(LifeSiteNews) – French voters are called to the polls on Sunday for the first round of presidential elections that will have a major impact over the coming years. France’s sovereignty and its submission to the European Union, maintaining or not of COVID madness, insecurity, immigration policies, foreign policy, fiscal pressure, and spending power have been at the fore of a somewhat lukewarm campaign that was marked by the (provisional?) lifting of COVID restrictions but even more so by the war in Ukraine.
The latter was used as an excuse by outgoing president Emmanuel Macron to refuse all debates with his opponents. Credited with about 26.5 percent of the vote according to the latest opinion polls, in which he is generally presented as heading the field of 12 candidates, Macron held only one major rally at a venue with a maximum capacity of 30,000 people, the largest in Paris. It was far from full.
We must pray for peace at this time where war has broken out between Russia and Ukraine.
This sudden escalation in hostilities, since Russia declared support for the independence of two ethnic-Russian parts of Ukraine, is tragic.
We must pray for an end to the armed conflict and that it does not devolve into world war.
Please SIGN this PRAYER PLEDGE FOR PEACE, and pledge to pray for peace in Ukraine now.
Thousands have already died, lost homes and are suffering the ravages of war. The only real peace comes from Jesus Christ and in Him alone can we find truth and true peace.
Thank you for SIGNING and SHARING this PRAYER PLEDGE FOR PEACE.
*To fulfill your pledge, please recite any prayer of your choosing, like the Our Father, the Hail Mary, the Gloria, the Holy Rosary, or any prayer in your own words, to God for a peaceful resolution to this conflict.
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Under Macron’s five-year term France was deeply hurt by lockdowns and COVID restrictions, and mandatory vaccination was forced on health workers. Civil identity and the normal family were legally destroyed by giving lesbians access to fictional filiation, while changing names can now be done by simply filling a form. Access to abortion has been facilitated and Macron has even suggested calling it a “fundamental human right” under the European charter. Home-schooling is on its way to becoming next to impossible. (Mostly Islamic) immigration has reached a record high, with more than 1.5 million entries since 2017.
Macron made massive use of McKinsey, the global managing consulting company (that helped him win the 2017 election free of charge) to manage both reforms and the COVID crisis at a prohibitive cost. McKinsey was tasked with managing and promoting COVID-“vaccine” policy. This has turned into a public scandal and could weigh heavily on the election.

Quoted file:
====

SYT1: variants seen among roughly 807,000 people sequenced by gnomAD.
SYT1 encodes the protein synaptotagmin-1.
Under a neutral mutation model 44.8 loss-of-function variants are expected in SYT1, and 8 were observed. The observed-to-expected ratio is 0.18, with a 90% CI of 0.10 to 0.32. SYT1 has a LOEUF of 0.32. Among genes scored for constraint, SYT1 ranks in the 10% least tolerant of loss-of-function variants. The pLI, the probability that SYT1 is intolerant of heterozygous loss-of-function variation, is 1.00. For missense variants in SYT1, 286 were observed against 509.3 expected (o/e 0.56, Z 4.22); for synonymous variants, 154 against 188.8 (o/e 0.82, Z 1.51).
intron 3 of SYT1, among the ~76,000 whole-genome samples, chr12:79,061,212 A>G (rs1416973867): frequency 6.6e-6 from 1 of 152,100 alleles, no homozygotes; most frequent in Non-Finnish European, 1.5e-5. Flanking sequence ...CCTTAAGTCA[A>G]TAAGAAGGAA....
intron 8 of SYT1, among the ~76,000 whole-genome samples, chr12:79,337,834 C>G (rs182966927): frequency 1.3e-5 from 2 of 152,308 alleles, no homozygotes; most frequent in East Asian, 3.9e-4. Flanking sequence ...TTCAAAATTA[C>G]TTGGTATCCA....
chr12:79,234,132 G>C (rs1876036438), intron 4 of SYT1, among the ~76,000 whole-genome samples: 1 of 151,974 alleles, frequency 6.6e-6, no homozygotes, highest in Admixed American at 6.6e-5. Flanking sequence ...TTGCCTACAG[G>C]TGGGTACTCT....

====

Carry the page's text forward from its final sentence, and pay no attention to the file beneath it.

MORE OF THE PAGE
Macron’s eleven opponents include five left or extreme-left candidates, none of whom stand a chance except Jean-Luc Mélenchon, a very left-wing socialist or proto-communist, who was credited with 16.5 percent of voting intentions in the latest poll.
The institutional right-wing candidate is Valérie Pécresse, was credited with about eight percent. She favors same-sex “marriage,” abortion, and other pro-“LGBT” legislation. She voted for the vaccine pass and is expected to call her voters to choose Macron in the second round, which will oppose this Sunday’s winner and runner-up, if he passes.
Two of the three so-called “extreme-right” candidates, Marine Le Pen and Eric Zemmour, will probably make the difference. Zemmour, a former successful and highly cultivated journalist, has made the preservation of French identity and civilization his main theme, promising “zero immigration,” better security, and the return of freedom. He is presently fourth in the poll race with about nine percent of intended votes. He will not touch abortion laws or same-sex “marriage” but wants to reverse the law offering medically assisted procreation to lesbians.
Both he and Marine Le Pen have committed to reinstating the unvaxxed in their jobs in healthcare and elsewhere.
Marine Le Pen, who favors a number of left-wing propositions such as bringing legal retirement age back to age 60 and reintroducing the “wealth tax,” has also stressed that she will not touch “the right to abortion” nor the medically assisted procreation law, and has watered down her opposition to immigration, rejecting Zemmour’s plan to create “re-emigration” ministry to reduce the number of legal and illegal immigrants on French soil. Under pressure from Zemmour’s campaign, however, she has somewhat shifted her own positions right-wards. She is credited with 23 percent (some polls even see her beating Macron) and if the polls are correct she would be Macron’s opponent for the second time, as in 2017.
In that case Zemmour voters would probably support her, increasing her chances of reaching the Elysée, the French presidential palace.
Surprises can and do happen, however. And while Catholic voters are faced with a flawed choice, where no candidate is fully or openly supporting right to life, integral family values, and parental freedoms, five more years of Macron would almost certainly spell an even worse tyranny than we have had until now.